Do you have a creative outlet? Or have you always wanted to explore the arts but felt that you lacked the time? I know that is how it is for many of us, but what if you found out that having a creative outlet is good for your health? Would that encourage you to get those creative juices flowing?
Well, according to an article from the America Journal of Public Health (“The Connection Between Art, Healing, and Public Health: A Review of Current Literature”), having a creative outlet is good for us physically and psychologically. Whether it is music, visual arts, writing or dance, there is a connection to engaging in the arts and improved health. Artistic activities can reduce stress, improve mood, lower blood pressure and more.
My favorite creative outlet is jewelry making.
A couple of jewelry-making friends and I try to get together each week (Of course, we don’t meet during film festivals; there are just too many good films to see!) to work on projects, whether we made bracelets, fabricate rings or fashion necklaces. Those couple of hours we spend each week are pure relaxation and enjoyment for me. I also try to take at least one class or workshop at the Dietrich each season. These classes are really a fun way to try something new and dabble in the arts.
This fall the Dietrich will be presenting a variety of classes and workshops for you to try. While you are at it, consider recruiting a friend or two to take a class with you and make it a fun time to catch up and create a memory.
If you are like me, and would like to explore jewelry making, the Dietrich’s own Esther Harmatz will be teaching two workshops on the subject. She will teach “Jewelry Making: Intro to Glass Fusing” on two Wednesdays: from 6 to 9 p.m. Sept. 28 and from 7 to 9 p.m. Oct. 5.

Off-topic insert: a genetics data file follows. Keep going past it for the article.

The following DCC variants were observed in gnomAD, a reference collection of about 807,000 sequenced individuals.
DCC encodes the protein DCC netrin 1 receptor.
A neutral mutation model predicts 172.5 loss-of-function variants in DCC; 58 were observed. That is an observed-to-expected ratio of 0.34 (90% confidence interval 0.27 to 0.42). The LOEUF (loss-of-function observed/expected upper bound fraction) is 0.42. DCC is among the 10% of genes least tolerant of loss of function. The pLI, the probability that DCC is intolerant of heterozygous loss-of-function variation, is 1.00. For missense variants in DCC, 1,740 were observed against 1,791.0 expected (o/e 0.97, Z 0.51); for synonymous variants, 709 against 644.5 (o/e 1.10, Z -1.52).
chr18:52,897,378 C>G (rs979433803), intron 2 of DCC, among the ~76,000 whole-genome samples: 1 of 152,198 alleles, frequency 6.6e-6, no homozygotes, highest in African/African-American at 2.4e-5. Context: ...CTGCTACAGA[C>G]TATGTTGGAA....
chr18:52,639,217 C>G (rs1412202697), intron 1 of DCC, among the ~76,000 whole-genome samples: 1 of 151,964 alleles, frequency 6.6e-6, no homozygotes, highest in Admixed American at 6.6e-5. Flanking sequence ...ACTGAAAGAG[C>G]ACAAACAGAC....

During the first class, students will learn the basics of small piece fused glass work, as they create one or two glass pendants of their own designs, which will then be kiln-fused. In the second session, students will learn how to finish their pendants and make them into necklaces to keep or give as gifts. No experience is necessary.
All the materials and supplies will be provided, and the cost for the series is $60 per person.
Harmatz will also be teaching “Fun and Easy Stained Glass Jewelry” from 6 to 9 p.m. Wednesday, Oct. 12. During this class, participants will learn how to make a variety of fun jewelry, such as earrings and pendants, from glass pieces, plates or mini mosaic tiles. They will learn foiling and soldering as well.
Admission is $65, and as with all of Harmatz’s classes, she provides everything students will need.
For those who would like to learn pastel painting, master artist Millie Schelling will teach a series on Saturdays throughout the fall.
My husband Omar has taken a couple of her previous class series, and I must say he is really becoming quite the artist. From what I have witnessed through Omar’s classes is that pastel painting is a medium unto itself. You don’t blend colors; you build and layer color. In these classes, Schelling will guide artists in the purchase of their own materials to creating a masterpiece. She will show how to play light again shadow, layer color over color and develop dimension and rich texture. Her passion for pastel painting and sharing it with others really shines through in her teaching.
For people who would like to work on visual arts at their own pace, Open Studio and Portfolio Prep may just the thing. With the guidance of artist-in-residence Steve Colley, participants can experience drawing, painting, pottery or sculpture. He will take students from whatever experience level they are at to where they want to go with the medium of their choice. Classes are from 7 to 8:30 p.m. Mondays and Tuesdays, through the end of November. Participants can take one or many classes. Admission is $15 per class.
For more information about these and other classes, or to register, call the Dietrich at 570-996-1500.
As you can see, the Dietrich is so much more than the movies!
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